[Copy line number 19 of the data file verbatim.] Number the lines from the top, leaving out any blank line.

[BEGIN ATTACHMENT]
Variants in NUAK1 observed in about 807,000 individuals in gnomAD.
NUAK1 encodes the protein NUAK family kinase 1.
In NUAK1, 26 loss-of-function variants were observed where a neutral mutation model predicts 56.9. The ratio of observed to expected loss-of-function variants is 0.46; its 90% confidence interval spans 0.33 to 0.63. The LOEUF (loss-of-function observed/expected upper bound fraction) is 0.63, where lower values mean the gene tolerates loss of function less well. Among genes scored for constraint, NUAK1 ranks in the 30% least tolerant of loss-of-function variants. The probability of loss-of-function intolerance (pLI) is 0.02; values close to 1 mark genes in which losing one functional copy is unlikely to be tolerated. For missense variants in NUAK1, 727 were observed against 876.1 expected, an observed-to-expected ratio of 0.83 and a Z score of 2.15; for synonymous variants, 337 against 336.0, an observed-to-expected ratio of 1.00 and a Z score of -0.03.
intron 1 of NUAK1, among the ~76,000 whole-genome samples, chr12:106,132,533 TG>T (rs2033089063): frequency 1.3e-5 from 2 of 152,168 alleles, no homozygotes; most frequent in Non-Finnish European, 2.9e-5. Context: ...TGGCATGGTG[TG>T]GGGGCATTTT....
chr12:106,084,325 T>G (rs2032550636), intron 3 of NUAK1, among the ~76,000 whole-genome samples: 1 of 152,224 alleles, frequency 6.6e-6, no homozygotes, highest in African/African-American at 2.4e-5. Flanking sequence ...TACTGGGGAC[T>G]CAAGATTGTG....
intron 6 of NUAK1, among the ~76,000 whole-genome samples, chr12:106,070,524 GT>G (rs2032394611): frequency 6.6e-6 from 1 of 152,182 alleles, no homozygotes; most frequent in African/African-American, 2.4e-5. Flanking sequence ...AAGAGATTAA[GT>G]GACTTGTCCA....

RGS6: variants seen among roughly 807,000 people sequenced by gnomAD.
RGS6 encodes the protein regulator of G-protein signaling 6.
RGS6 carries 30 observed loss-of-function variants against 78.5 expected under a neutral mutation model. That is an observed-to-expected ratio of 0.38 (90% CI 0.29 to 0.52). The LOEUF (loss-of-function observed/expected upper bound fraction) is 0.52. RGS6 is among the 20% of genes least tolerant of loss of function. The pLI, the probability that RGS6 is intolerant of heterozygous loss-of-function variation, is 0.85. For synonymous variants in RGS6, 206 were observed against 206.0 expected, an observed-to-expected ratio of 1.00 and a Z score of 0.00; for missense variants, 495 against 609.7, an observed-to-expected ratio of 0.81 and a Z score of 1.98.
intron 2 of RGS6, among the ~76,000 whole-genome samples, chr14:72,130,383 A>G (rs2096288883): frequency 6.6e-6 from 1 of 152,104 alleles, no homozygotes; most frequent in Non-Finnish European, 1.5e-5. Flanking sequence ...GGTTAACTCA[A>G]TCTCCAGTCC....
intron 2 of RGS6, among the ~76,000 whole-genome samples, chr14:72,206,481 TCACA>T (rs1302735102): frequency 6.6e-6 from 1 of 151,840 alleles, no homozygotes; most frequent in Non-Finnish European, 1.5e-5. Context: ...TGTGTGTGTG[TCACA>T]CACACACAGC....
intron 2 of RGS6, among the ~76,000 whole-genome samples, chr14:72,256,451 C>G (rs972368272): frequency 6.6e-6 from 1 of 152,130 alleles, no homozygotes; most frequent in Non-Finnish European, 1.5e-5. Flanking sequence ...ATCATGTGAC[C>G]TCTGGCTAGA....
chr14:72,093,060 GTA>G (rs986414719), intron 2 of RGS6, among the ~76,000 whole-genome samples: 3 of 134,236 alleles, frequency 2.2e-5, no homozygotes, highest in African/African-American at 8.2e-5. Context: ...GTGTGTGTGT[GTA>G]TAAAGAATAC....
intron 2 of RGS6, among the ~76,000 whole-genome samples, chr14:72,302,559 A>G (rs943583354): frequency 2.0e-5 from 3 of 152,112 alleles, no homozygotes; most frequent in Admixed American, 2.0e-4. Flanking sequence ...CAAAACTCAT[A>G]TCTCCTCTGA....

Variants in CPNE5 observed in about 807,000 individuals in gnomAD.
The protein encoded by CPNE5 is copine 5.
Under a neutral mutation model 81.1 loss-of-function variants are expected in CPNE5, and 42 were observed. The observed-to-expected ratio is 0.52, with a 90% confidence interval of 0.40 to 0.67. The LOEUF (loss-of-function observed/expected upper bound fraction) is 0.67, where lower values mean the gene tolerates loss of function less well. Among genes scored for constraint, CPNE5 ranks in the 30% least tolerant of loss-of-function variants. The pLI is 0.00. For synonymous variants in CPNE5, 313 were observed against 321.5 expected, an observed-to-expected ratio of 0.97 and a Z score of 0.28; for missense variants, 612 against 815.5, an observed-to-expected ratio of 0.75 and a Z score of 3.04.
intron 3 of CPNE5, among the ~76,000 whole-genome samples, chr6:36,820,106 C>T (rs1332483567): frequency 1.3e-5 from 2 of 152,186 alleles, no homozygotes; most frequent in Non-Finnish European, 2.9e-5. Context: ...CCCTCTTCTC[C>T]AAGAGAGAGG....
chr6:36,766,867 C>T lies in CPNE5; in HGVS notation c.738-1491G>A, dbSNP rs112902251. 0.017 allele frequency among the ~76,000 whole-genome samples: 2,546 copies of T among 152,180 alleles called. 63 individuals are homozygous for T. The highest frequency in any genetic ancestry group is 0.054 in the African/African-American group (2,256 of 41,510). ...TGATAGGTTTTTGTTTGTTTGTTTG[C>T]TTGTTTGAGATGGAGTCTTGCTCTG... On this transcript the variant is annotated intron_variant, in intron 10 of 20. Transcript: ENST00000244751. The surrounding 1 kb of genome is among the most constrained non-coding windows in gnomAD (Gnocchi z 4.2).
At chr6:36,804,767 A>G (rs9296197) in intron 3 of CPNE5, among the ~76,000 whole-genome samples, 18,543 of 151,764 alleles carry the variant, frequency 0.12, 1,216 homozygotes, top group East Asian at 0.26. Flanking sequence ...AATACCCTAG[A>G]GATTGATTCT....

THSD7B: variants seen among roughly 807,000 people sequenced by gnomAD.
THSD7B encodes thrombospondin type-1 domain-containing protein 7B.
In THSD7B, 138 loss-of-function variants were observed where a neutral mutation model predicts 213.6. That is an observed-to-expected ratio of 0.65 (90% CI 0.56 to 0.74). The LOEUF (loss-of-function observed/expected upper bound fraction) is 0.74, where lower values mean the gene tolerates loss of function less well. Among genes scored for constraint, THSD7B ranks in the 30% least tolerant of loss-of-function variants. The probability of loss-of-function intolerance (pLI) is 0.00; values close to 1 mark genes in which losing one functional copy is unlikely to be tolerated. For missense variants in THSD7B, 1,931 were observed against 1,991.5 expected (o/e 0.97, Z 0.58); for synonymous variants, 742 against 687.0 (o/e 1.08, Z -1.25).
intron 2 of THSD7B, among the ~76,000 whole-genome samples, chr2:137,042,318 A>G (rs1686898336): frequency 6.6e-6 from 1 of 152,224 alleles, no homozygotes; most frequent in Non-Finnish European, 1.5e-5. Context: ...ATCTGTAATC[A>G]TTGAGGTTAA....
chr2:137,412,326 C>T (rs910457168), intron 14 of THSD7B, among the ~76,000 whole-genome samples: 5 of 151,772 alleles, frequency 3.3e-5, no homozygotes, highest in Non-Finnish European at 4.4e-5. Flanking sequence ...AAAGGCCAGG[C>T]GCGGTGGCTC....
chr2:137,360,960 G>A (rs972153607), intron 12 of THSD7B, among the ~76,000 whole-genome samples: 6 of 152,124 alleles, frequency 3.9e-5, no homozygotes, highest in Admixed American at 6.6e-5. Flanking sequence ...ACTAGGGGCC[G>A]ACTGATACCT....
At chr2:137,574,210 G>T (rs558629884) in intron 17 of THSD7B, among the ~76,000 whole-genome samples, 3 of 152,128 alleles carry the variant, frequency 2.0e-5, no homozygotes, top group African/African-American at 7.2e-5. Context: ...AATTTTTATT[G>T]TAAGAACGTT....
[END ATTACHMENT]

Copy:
chr6:36,766,867 C>T lies in CPNE5; in HGVS notation c.738-1491G>A, dbSNP rs112902251. 0.017 allele frequency among the ~76,000 whole-genome samples: 2,546 copies of T among 152,180 alleles called. 63 individuals are homozygous for T. The highest frequency in any genetic ancestry group is 0.054 in the African/African-American group (2,256 of 41,510). ...TGATAGGTTTTTGTTTGTTTGTTTG[C>T]TTGTTTGAGATGGAGTCTTGCTCTG... On this transcript the variant is annotated intron_variant, in intron 10 of 20. Transcript: ENST00000244751. The surrounding 1 kb of genome is among the most constrained non-coding windows in gnomAD (Gnocchi z 4.2).